James Webb has discovered the first 717 galaxies in the universe

The James Webb Space Telescope, which began operating last year, has discovered 717 galaxies believed to be the first in the universe in less than a year.

These first-generation galaxies, which were born about 600 million years after the Big Bang, have complex structures and star clusters, according to a new research paper.

This research paper is the result of a month’s study of two very small pieces of mind in space. Of these two components, one is located in the constellation Ursa Minor, and the other is located in the Fornix cluster.

To date, more than 700 first-generation galaxies have been discovered within these two regions. These galaxies reflect what conditions were like in the early universe.

If the entire lifetime of the universe were to be treated as a two-hour movie, the birth of these galaxies would be the same as the first five minutes of the movie. These first-generation galaxies gave birth to elements heavier than helium. These galaxies gave birth to the heavy elements that gave birth to our lives.

By studying these galaxies, scientists hope to answer the question of how the first stars and galaxies formed in the universe.

Between 370 and 650 million years ago, at least 717 galaxies were born in this small region. This is a much higher number than previously estimated.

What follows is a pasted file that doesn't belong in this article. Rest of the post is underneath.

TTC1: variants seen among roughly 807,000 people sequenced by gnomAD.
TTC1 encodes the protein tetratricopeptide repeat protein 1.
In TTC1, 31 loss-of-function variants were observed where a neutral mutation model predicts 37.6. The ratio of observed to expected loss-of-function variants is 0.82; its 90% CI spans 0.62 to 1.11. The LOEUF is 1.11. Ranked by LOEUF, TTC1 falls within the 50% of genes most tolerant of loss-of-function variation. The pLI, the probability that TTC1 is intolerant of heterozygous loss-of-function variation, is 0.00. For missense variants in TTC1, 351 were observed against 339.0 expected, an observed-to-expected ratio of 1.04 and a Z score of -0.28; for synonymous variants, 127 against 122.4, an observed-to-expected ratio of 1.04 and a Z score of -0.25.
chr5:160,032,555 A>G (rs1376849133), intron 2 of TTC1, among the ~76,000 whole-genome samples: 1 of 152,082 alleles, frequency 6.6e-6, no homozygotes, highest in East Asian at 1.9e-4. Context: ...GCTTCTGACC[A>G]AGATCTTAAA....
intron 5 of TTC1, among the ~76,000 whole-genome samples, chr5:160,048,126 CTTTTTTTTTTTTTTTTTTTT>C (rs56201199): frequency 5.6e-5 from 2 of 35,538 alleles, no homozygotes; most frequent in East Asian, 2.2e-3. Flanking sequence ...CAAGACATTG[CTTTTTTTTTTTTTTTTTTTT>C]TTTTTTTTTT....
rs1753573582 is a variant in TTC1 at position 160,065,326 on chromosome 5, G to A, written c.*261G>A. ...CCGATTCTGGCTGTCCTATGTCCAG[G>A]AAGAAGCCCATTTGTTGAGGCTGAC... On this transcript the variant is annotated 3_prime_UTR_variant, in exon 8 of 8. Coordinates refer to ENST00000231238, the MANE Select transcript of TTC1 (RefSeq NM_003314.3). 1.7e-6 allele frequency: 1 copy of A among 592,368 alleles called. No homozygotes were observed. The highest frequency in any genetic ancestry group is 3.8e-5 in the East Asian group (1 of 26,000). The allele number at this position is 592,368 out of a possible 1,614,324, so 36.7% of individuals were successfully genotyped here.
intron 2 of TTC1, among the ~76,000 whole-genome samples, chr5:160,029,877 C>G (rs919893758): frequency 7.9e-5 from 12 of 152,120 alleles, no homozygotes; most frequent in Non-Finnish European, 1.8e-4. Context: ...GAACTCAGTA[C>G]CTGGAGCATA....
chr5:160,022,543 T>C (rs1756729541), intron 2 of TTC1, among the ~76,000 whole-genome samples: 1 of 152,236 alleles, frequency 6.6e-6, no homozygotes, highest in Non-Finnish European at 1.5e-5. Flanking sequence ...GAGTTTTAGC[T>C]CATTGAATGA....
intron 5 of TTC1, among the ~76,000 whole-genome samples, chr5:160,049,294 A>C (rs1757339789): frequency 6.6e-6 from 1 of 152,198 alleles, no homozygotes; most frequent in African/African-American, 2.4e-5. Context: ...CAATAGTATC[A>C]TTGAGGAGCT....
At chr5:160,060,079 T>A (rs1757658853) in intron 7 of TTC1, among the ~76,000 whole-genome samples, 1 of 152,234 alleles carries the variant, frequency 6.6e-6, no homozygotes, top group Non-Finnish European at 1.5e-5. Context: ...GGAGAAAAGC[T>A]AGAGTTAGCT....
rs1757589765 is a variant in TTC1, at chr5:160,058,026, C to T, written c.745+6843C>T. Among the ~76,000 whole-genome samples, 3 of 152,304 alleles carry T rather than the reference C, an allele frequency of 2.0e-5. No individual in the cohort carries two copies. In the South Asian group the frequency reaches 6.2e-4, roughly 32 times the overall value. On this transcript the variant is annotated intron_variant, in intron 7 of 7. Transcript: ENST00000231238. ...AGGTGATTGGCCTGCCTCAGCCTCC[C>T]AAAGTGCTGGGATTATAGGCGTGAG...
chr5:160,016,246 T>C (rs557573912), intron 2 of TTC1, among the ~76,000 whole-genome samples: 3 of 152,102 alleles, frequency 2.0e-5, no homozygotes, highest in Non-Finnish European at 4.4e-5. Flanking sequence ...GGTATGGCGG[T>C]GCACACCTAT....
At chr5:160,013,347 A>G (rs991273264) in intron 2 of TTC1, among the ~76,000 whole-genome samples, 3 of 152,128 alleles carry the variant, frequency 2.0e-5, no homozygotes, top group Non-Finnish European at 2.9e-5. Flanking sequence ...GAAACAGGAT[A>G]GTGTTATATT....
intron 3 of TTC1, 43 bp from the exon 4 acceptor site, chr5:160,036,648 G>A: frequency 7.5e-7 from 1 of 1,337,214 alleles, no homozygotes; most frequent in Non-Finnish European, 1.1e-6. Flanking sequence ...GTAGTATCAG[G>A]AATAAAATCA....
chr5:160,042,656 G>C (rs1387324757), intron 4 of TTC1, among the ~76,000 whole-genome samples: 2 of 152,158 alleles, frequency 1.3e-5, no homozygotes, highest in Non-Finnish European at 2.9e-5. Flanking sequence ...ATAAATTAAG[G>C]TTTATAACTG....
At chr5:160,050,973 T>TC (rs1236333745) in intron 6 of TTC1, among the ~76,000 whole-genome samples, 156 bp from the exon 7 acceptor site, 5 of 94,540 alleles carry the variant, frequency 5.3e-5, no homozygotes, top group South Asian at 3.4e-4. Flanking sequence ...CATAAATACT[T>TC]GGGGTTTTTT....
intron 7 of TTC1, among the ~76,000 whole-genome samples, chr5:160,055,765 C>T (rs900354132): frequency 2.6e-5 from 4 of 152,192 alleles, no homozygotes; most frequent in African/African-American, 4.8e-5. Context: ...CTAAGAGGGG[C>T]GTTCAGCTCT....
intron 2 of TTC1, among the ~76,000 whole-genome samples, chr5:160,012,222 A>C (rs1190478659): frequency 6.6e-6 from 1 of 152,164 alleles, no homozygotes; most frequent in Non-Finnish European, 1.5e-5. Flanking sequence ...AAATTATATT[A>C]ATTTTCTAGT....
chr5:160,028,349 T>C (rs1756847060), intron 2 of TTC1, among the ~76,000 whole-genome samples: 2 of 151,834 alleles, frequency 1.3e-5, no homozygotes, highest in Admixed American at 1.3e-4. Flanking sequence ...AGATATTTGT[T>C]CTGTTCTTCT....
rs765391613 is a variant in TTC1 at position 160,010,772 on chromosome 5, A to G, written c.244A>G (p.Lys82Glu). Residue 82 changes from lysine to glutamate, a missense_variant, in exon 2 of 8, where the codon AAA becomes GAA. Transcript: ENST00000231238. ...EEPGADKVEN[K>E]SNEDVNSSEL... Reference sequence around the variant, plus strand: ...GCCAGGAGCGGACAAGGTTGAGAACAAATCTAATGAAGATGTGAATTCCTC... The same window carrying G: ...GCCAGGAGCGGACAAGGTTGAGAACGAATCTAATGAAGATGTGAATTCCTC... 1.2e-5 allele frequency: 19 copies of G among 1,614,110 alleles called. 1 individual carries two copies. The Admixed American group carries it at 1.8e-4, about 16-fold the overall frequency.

All these galaxies are thousands of light-years in size. In addition, the stars in them are not spread evenly but are found to be born and spread in many small clusters.

Previously, the first generation of galaxies were only faintly visible through telescopes. These tiny specks are actually galaxies with hundreds of millions of stars. Now, thanks to James Webb, we can see that these constellations have a definite shape.

Astronomers in the past have studied this area with interest. But the new galaxies now discovered by James Webb have never been seen before.

The first generation of galaxies discovered before James Weth were only the most luminous galaxies that existed in the early universe. The galaxies found now are ordinary galaxies that existed during the early turbulent times of the universe.

No one knows how the first galaxies in the universe were born. Before these galaxies, the universe was completely dark without light, so this period is called the dark ages. After this, the first generation of galaxies was born, and the entire universe was covered in light.

The powerful ultraviolet rays emitted from these galaxies split most of the hydrogen gas in the universe into protons carrying positive energy and electrons carrying negative energy. This process is called the Epoch of Reionization, and it took place for about 1,000 million years in the universe.

As a result of this process, most of the hydrogen gas seen in the current universe is split into protons and electrons.

One finding from this study of first-generation galaxies is evidence that reionization is occurring in about one in six galaxies. This is not strong enough evidence to confirm this theory, but it is important evidence.

Scientists believe that a detailed study of the data obtained by the James Webb Telescope will soon solve many unsolved questions about the early universe’s first galaxies.